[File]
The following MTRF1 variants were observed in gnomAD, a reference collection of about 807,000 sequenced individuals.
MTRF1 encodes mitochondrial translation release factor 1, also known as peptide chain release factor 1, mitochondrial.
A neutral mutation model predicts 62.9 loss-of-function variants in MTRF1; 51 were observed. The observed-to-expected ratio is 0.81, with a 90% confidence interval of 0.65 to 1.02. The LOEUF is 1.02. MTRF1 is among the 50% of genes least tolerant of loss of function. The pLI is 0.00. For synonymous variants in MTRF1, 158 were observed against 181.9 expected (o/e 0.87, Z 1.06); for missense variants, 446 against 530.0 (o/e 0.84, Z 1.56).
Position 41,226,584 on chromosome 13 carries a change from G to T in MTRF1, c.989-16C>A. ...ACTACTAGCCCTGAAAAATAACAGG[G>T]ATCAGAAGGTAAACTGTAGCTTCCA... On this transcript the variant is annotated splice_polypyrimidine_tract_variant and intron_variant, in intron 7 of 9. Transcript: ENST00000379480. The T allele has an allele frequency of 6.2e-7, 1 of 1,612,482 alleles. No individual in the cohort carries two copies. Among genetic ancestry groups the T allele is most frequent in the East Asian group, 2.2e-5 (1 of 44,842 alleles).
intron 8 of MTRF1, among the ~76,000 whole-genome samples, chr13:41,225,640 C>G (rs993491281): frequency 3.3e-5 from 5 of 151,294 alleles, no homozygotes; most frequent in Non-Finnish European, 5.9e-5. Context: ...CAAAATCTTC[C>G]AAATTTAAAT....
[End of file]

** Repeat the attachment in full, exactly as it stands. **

The following MTRF1 variants were observed in gnomAD, a reference collection of about 807,000 sequenced individuals.
MTRF1 encodes mitochondrial translation release factor 1, also known as peptide chain release factor 1, mitochondrial.
A neutral mutation model predicts 62.9 loss-of-function variants in MTRF1; 51 were observed. The observed-to-expected ratio is 0.81, with a 90% confidence interval of 0.65 to 1.02. The LOEUF is 1.02. MTRF1 is among the 50% of genes least tolerant of loss of function. The pLI is 0.00. For synonymous variants in MTRF1, 158 were observed against 181.9 expected (o/e 0.87, Z 1.06); for missense variants, 446 against 530.0 (o/e 0.84, Z 1.56).
Position 41,226,584 on chromosome 13 carries a change from G to T in MTRF1, c.989-16C>A. ...ACTACTAGCCCTGAAAAATAACAGG[G>T]ATCAGAAGGTAAACTGTAGCTTCCA... On this transcript the variant is annotated splice_polypyrimidine_tract_variant and intron_variant, in intron 7 of 9. Transcript: ENST00000379480. The T allele has an allele frequency of 6.2e-7, 1 of 1,612,482 alleles. No individual in the cohort carries two copies. Among genetic ancestry groups the T allele is most frequent in the East Asian group, 2.2e-5 (1 of 44,842 alleles).
intron 8 of MTRF1, among the ~76,000 whole-genome samples, chr13:41,225,640 C>G (rs993491281): frequency 3.3e-5 from 5 of 151,294 alleles, no homozygotes; most frequent in Non-Finnish European, 5.9e-5. Context: ...CAAAATCTTC[C>G]AAATTTAAAT....